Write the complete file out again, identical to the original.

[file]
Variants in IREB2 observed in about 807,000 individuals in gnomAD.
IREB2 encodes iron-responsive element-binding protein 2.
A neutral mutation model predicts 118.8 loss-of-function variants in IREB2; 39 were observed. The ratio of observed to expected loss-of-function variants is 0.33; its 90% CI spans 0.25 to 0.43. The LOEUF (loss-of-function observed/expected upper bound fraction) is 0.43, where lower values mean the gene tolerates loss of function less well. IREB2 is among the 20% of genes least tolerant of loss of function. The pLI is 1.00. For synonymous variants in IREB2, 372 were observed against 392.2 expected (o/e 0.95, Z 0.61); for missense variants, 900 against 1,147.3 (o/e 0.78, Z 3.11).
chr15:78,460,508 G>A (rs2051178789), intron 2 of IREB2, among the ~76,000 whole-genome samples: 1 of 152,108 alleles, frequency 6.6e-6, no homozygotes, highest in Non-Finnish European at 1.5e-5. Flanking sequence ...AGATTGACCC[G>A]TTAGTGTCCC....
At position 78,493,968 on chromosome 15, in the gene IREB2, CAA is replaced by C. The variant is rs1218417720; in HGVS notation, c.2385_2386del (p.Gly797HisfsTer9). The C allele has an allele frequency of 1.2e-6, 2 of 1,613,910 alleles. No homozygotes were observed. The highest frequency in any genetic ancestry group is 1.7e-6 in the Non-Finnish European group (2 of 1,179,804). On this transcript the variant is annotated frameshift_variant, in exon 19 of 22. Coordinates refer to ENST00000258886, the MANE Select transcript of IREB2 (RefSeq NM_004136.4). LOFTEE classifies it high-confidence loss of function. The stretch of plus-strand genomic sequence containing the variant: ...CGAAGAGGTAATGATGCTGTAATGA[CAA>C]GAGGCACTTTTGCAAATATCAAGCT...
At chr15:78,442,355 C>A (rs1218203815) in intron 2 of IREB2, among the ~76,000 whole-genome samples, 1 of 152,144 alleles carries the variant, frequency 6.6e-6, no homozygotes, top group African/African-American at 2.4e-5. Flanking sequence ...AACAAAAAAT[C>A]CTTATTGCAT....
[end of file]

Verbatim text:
Variants in IREB2 observed in about 807,000 individuals in gnomAD.
IREB2 encodes iron-responsive element-binding protein 2.
A neutral mutation model predicts 118.8 loss-of-function variants in IREB2; 39 were observed. The ratio of observed to expected loss-of-function variants is 0.33; its 90% CI spans 0.25 to 0.43. The LOEUF (loss-of-function observed/expected upper bound fraction) is 0.43, where lower values mean the gene tolerates loss of function less well. IREB2 is among the 20% of genes least tolerant of loss of function. The pLI is 1.00. For synonymous variants in IREB2, 372 were observed against 392.2 expected (o/e 0.95, Z 0.61); for missense variants, 900 against 1,147.3 (o/e 0.78, Z 3.11).
chr15:78,460,508 G>A (rs2051178789), intron 2 of IREB2, among the ~76,000 whole-genome samples: 1 of 152,108 alleles, frequency 6.6e-6, no homozygotes, highest in Non-Finnish European at 1.5e-5. Flanking sequence ...AGATTGACCC[G>A]TTAGTGTCCC....
At position 78,493,968 on chromosome 15, in the gene IREB2, CAA is replaced by C. The variant is rs1218417720; in HGVS notation, c.2385_2386del (p.Gly797HisfsTer9). The C allele has an allele frequency of 1.2e-6, 2 of 1,613,910 alleles. No homozygotes were observed. The highest frequency in any genetic ancestry group is 1.7e-6 in the Non-Finnish European group (2 of 1,179,804). On this transcript the variant is annotated frameshift_variant, in exon 19 of 22. Coordinates refer to ENST00000258886, the MANE Select transcript of IREB2 (RefSeq NM_004136.4). LOFTEE classifies it high-confidence loss of function. The stretch of plus-strand genomic sequence containing the variant: ...CGAAGAGGTAATGATGCTGTAATGA[CAA>C]GAGGCACTTTTGCAAATATCAAGCT...
At chr15:78,442,355 C>A (rs1218203815) in intron 2 of IREB2, among the ~76,000 whole-genome samples, 1 of 152,144 alleles carries the variant, frequency 6.6e-6, no homozygotes, top group African/African-American at 2.4e-5. Flanking sequence ...AACAAAAAAT[C>A]CTTATTGCAT....